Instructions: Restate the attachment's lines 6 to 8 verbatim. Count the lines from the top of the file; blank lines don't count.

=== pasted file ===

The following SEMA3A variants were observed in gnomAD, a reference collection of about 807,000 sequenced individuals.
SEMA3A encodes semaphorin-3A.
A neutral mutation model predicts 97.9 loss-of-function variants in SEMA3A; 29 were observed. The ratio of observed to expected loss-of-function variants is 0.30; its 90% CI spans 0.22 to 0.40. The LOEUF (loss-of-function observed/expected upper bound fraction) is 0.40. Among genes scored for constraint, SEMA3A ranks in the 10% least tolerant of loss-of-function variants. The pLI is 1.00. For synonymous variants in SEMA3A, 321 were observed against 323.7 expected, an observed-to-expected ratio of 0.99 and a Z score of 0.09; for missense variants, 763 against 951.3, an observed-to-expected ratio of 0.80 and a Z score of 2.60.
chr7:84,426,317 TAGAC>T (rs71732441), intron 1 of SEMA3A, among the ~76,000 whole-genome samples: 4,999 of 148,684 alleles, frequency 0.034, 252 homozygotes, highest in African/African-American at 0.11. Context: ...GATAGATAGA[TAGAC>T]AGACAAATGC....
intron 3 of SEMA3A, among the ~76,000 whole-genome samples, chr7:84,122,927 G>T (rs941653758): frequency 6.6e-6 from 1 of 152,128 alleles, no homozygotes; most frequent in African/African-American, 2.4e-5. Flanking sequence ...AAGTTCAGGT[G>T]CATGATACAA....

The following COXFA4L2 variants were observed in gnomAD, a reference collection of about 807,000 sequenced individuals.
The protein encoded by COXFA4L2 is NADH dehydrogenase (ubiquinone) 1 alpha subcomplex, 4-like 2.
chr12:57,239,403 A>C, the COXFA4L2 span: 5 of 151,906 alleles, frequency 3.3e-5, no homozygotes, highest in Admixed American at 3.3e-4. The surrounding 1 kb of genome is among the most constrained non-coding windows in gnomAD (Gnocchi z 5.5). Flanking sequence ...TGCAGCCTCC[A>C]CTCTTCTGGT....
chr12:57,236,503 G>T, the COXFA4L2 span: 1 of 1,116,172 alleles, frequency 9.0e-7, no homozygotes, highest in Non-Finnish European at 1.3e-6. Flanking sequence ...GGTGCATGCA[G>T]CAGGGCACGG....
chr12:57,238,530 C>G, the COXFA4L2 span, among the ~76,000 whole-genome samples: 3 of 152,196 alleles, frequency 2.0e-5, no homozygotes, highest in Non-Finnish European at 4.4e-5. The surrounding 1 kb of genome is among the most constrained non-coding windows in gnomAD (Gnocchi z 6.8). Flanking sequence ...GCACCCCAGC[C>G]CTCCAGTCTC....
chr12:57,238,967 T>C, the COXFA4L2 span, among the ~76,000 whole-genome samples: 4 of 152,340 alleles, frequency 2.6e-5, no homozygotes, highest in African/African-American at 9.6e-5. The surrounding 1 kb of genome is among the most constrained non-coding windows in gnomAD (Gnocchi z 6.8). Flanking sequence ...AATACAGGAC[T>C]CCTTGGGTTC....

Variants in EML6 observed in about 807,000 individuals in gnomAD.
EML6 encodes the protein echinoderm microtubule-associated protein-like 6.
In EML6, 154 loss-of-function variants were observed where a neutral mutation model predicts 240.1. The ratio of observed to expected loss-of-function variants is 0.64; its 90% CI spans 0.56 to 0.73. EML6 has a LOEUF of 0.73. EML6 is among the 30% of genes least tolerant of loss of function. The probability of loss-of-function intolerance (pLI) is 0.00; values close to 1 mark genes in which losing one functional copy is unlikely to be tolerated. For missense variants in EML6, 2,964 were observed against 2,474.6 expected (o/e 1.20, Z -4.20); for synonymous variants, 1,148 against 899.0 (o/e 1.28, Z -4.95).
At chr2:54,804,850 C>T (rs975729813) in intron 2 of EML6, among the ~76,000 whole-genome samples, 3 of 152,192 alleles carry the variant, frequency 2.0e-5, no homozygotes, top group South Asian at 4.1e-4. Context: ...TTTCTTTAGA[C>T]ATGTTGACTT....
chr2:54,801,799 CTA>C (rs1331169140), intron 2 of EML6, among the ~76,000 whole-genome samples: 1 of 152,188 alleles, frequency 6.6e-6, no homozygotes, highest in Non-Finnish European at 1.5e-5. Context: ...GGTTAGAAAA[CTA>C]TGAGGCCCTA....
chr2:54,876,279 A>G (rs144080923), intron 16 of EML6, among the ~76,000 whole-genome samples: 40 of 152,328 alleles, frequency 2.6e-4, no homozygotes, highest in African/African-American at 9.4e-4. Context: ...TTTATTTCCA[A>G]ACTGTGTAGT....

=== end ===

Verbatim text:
The following COXFA4L2 variants were observed in gnomAD, a reference collection of about 807,000 sequenced individuals.
The protein encoded by COXFA4L2 is NADH dehydrogenase (ubiquinone) 1 alpha subcomplex, 4-like 2.
chr12:57,239,403 A>C, the COXFA4L2 span: 5 of 151,906 alleles, frequency 3.3e-5, no homozygotes, highest in Admixed American at 3.3e-4. The surrounding 1 kb of genome is among the most constrained non-coding windows in gnomAD (Gnocchi z 5.5). Flanking sequence ...TGCAGCCTCC[A>C]CTCTTCTGGT....